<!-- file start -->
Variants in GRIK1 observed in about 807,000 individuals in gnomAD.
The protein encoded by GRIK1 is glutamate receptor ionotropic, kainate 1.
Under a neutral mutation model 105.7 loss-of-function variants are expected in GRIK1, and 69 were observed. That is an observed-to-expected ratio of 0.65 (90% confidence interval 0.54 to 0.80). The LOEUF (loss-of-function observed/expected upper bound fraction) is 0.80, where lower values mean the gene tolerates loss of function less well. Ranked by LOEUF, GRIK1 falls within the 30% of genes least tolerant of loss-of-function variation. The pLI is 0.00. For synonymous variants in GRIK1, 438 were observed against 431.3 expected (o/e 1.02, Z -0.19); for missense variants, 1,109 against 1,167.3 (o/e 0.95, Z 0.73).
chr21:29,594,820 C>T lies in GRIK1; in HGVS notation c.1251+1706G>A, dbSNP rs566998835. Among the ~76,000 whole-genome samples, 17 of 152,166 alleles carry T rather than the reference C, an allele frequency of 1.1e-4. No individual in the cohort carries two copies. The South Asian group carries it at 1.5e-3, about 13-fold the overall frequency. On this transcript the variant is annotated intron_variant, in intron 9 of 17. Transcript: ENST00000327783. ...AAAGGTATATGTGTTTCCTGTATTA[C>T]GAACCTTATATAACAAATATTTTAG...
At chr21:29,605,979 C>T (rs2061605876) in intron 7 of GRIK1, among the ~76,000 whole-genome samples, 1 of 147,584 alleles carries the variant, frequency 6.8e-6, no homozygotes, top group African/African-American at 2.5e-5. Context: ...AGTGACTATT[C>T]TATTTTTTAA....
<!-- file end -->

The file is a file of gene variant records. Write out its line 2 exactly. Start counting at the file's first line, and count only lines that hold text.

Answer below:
The protein encoded by GRIK1 is glutamate receptor ionotropic, kainate 1.